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A New Jersey law firm cannot pursue claims for unpaid bills against the operators of a nursing home it once represented, an appellate panel has ruled, upholding a trial court's finding that, because the individuals did not sign a retainer agreement as individuals, they cannot be personally liable.
Both current and former government attorneys who take on private clients should look out for instances where their possession of "confidential government information" calls for them to be disqualified from representing a client, according to the latest guidance from the American Bar Association Standing Committee on Ethics and Professional Responsibility, released Wednesday.
The U.S. Trustee's Office has urged a Delaware bankruptcy judge to allow Robert Cleary, a former U.S. attorney who is now with Patterson Belknap Webb & Tyler LLP, to investigate FTX's finances as an examiner in the defunct cryptocurrency company's Chapter 11 case.
Mid-sized Ohio-based firm Benesch Friedlander Coplan & Aronoff LLP has become an attractive destination for a certain type of BigLaw lateral partner, attracting a notable number over the past six months from firms such as Kirkland & Ellis LLP and Jenner & Block LLP.
Sills Cummis & Gross PC has added a former Cohen Seglias Pallas Greenhall & Furman PC construction law specialist to its Newark, New Jersey, office.
A New Jersey appellate panel on Tuesday said retired attorney Gail Beran isn't liable for malpractice in connection with her husband's failure to file a bankruptcy on time, because his then-clients didn't rely on the idea that she was a partner when they decided to hire the firm.
Major firm relocations in late 2023, including Paul Weiss Rifkind Wharton & Garrison LLP's December deal for a 20-year lease in a midtown Manhattan skyscraper, helped fuel the hottest legal office space market since before the COVID-19 pandemic.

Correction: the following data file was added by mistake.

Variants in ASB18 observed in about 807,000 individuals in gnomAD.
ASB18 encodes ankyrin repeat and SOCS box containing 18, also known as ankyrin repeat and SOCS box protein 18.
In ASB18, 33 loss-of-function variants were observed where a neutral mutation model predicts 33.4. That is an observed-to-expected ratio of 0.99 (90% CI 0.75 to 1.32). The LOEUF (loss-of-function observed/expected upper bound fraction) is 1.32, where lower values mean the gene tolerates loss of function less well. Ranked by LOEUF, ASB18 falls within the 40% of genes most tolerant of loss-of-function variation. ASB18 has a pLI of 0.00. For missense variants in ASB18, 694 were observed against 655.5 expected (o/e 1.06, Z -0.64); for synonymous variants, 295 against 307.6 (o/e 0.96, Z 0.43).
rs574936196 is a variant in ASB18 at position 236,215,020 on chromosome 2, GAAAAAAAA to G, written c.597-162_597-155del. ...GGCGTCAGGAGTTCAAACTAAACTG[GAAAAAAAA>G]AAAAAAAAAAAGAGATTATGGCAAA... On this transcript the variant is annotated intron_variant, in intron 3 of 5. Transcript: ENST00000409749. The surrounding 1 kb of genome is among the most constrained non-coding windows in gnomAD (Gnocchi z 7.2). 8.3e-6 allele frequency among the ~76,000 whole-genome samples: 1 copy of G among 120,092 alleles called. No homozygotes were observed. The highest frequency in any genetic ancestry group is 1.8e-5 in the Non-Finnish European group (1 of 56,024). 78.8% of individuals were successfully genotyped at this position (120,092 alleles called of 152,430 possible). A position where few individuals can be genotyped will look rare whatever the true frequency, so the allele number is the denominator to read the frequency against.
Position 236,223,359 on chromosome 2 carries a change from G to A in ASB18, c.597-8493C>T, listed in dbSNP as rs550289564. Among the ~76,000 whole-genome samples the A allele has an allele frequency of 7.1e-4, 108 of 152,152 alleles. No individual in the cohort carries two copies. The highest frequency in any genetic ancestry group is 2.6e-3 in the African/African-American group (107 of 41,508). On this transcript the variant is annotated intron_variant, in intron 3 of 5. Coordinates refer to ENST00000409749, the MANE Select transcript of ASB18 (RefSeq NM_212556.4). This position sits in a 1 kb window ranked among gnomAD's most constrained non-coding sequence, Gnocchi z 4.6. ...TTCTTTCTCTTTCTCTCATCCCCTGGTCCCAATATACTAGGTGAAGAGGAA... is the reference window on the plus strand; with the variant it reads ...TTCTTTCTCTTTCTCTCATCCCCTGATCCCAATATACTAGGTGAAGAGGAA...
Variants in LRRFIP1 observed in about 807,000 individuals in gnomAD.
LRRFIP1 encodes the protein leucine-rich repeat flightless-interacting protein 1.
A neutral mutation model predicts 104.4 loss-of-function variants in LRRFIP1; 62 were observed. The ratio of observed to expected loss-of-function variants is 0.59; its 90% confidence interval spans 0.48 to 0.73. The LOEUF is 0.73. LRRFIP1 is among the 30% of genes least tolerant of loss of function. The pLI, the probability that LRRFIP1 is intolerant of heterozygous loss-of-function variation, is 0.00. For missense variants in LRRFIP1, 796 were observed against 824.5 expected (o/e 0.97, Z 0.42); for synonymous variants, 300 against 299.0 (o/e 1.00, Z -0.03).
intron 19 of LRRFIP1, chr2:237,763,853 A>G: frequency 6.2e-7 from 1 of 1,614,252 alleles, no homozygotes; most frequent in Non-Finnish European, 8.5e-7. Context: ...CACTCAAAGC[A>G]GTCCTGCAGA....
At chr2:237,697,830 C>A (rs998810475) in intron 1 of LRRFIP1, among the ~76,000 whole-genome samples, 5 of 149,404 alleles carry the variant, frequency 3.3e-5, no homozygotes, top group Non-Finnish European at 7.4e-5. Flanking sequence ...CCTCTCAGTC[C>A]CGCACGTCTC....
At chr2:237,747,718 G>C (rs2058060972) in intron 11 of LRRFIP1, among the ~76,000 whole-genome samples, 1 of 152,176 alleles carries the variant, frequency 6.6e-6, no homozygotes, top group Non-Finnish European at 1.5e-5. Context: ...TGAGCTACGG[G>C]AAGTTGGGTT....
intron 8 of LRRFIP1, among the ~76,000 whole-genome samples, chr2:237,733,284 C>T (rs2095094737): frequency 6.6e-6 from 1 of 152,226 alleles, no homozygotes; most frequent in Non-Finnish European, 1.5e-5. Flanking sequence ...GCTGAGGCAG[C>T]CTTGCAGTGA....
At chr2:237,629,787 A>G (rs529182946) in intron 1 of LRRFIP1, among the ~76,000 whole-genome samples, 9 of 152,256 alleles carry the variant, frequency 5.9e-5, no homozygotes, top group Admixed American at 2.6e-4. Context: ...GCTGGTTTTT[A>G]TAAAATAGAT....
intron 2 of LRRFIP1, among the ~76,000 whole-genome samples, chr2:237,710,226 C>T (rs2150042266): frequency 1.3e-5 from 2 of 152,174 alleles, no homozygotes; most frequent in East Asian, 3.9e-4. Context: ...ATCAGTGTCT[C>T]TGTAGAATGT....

The efforts of a Garden State intellectual property lawyer to get additional compensation when he cashed out of a law firm partnership in 2019 were rebuffed Tuesday by a New Jersey appellate panel, which tossed his appeal but sent the question of $830,000 in attorney fees back to the trial court for reconsideration.
A New Jersey federal judge has ordered de Luca Levine to pay attorney fees to Rust-Oleum Corp. amid ongoing litigation over property damage that allegedly occurred when a company wood stain caused a house fire, saying the firm failed to obey a discovery confidentiality order.
Prosecutors asked a Manhattan federal judge to shield classified information they plan to introduce in the bribery case against Sen. Robert Menendez.
Though his standing order on lawyers writing briefs using artificial intelligence — one of the first in the country to address the technology — is fairly broad, Judge Michael Baylson of the Eastern District of Pennsylvania says he's "not banning AI."